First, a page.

Reports of weakness in the hardware and components sectors rolled in this week from market researchers and vendors, contributing to an overall decline in confidence in tech on the part of IT analysts and investors.
Though tech stocks on the Nasdaq are up about 16 percent for the year, they were up about 25 percent for the year about a month ago.
Worldwide shipments of PCs are likely to decline in 2012 for the first time in 11 years, according to a report this week from the IHS iSuppli Compute Platforms Service. PC shipments this year are forecast to decline by 1.2 percent to 348.7 million units, down from 352.8 million in 2011, iSuppli said. The PC industry has not seen a drop of this magnitude since the aftermath of the dot-com bust.
"There was great hope through the first half that 2012 would prove to be a rebound year for the PC market," said Craig Stice, senior principal analyst for computer systems at IHS, in a statement. "Now three quarters through the year, the usual boost from the back-to-school season appears to be a bust, and both AMD and Intel's third-quarter outlooks appear to be flat to down. Optimism has vanished and turned to doubt, and the industry is now training its sights on 2013 to deliver the hoped-for rebound."
There are signs that a rebound could occur next year, iSuppli noted. Ultrabooks and other thin notebook computers "remain viable products with the potential to redraw the PC landscape, and the addition of Windows 8 to the mix could prove potent and irresistible to consumers," iSuppli said.
Meanwhile, IDC and Gartner both reported this week that PC shipments declined in the third quarter. Global PC shipments dropped 8.3 percent year over year, with a total of 87.5 million units shipped in the third quarter of 2012, Gartner said. IDC put the decline at 8.6 percent.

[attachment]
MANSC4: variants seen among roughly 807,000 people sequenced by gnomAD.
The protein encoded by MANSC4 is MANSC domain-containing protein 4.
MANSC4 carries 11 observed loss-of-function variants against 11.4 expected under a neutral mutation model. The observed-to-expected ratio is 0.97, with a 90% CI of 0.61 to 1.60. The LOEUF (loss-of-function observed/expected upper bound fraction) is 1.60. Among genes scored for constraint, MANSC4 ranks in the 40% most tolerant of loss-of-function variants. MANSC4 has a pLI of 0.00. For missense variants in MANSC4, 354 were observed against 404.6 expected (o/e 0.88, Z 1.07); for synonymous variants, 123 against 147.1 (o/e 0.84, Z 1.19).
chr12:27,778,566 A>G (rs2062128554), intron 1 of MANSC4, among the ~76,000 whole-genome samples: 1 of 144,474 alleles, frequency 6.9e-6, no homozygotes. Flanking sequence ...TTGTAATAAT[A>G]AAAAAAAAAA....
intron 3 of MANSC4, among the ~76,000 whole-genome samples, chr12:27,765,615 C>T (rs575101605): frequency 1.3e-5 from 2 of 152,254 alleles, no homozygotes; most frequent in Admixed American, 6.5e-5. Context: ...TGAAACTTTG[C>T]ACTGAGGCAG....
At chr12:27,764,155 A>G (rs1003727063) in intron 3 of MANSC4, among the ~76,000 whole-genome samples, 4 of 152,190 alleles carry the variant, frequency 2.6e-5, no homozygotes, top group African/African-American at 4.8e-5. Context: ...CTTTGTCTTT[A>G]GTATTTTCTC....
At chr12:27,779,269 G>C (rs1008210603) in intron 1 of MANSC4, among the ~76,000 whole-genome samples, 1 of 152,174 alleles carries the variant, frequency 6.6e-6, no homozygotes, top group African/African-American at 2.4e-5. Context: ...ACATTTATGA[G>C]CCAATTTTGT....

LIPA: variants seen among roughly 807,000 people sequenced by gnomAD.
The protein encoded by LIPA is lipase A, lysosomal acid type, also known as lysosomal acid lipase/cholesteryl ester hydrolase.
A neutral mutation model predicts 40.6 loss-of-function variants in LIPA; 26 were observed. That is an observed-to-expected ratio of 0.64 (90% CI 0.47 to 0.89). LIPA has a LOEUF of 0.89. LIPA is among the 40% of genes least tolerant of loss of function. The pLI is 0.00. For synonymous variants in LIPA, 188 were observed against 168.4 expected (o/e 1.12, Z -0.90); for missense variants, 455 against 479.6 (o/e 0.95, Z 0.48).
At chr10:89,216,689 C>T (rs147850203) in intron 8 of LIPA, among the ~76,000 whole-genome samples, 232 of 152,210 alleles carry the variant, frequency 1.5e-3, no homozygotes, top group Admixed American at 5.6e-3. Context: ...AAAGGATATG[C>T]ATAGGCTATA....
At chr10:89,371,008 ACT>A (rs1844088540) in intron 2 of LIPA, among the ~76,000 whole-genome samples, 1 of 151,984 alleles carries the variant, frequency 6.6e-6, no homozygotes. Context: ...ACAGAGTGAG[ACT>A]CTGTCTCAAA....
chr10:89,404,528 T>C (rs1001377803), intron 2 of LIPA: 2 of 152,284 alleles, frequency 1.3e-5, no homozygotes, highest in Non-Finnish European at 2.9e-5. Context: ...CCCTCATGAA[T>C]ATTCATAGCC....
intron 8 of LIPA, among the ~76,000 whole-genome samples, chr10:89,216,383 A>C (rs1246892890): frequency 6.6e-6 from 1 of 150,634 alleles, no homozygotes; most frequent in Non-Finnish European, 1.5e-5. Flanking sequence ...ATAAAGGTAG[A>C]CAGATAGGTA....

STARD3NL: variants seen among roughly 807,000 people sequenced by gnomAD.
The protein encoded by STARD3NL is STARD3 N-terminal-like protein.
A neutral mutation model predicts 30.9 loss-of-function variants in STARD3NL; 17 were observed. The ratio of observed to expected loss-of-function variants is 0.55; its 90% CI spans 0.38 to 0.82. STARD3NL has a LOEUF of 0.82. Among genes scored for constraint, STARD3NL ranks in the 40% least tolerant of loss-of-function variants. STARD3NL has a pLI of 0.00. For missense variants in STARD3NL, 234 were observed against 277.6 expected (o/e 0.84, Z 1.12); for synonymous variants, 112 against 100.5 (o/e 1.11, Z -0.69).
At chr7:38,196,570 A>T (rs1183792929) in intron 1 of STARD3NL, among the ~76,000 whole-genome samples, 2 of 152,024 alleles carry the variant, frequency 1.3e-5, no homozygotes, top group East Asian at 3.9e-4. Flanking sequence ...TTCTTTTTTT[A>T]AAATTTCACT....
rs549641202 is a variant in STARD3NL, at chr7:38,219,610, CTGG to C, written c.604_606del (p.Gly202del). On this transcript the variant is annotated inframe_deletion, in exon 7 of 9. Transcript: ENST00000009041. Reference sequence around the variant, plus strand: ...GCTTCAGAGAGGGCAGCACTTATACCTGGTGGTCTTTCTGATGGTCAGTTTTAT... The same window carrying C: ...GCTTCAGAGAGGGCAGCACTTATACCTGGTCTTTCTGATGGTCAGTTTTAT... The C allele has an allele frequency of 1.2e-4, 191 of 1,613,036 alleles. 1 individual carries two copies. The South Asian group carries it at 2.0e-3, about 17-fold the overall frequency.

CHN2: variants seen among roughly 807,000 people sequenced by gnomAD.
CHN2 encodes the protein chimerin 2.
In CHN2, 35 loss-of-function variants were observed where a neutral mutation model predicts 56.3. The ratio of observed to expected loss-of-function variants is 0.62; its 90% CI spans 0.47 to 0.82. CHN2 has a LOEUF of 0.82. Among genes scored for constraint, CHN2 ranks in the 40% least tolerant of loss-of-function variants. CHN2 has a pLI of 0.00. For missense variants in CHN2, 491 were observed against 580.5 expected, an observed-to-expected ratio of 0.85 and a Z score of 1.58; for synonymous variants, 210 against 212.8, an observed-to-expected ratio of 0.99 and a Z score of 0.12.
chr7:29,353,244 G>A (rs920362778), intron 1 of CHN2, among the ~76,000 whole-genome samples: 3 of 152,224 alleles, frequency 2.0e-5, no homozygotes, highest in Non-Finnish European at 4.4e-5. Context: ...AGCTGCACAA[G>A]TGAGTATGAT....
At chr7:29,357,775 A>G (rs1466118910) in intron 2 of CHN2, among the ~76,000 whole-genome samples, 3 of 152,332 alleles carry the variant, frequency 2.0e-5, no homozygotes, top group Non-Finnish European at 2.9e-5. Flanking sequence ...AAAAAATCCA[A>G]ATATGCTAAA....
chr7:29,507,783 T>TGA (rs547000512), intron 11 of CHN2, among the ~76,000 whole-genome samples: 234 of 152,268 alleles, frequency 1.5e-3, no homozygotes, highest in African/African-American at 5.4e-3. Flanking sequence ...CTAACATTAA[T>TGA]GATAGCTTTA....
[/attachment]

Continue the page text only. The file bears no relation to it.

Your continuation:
Hewlett-Packard and Lenovo are slugging it out for the top spot in the flagging market. Gartner said that Lenovo slipped past HP to claim the number-one spot in the PC arena with 15.7 percent of the global PC market compared to 15.5 percent for HP. For its part, IDC reported that HP hung on to the top position with 15.9 percent of the market compared to Lenovo's 15.7 percent.
Last week at its annual financial analyst day Wednesday, HP CEO Meg Whitman said the company has a tough game of catch-up to play in hardware over the next few years. HP forecast earnings per share of US$3.40 to $3.60 for this fiscal year, below the prior estimate of $4.18 from analysts polled by Thomson Reuters. Whitman said the company needs to come up with a hit next-generation smartphone or other mobile device in order to maintain a leadership position over the next few years.
Meanwhile, even the mighty Apple has been hit by the decline in PC sales, both IDC and Gartner said. IDC said Apple sold 2.06 million Macs in the quarter, a drop of 7 percent year over year. Gartner said the decline was 6.1 percent.
The PC slump is affecting chip makers as well.
In a preliminary financial report, Advanced Micro Devices on Thursday slashed its sales forecast for the third quarter, blaming a tough economy for the decline. Intel's main rival now forecasts revenue for the quarter to drop by about 10 percent from the second quarter, compared to prior estimates that the decline would be no worse than 4 percent.
Though the U.S. economy appears to be slowly recovering from the Great Recession, IT hiring has leveled off recently. Last week's jobs report from the U.S. Bureau of Labor Statistics showed that the overall unemployment rate for September was 7.8 percent -- the lowest point since U.S. President Barack Obama took office. But things were not looking up for IT. In September, the IT industry lost 1,700 jobs, according to the report.
Next week some of the biggest names in IT will be reporting earnings. IBM, Microsoft, Google, AMD, Intel and Nokia are all due to report, and IT market watchers will get a broader picture of how the tech market is doing.
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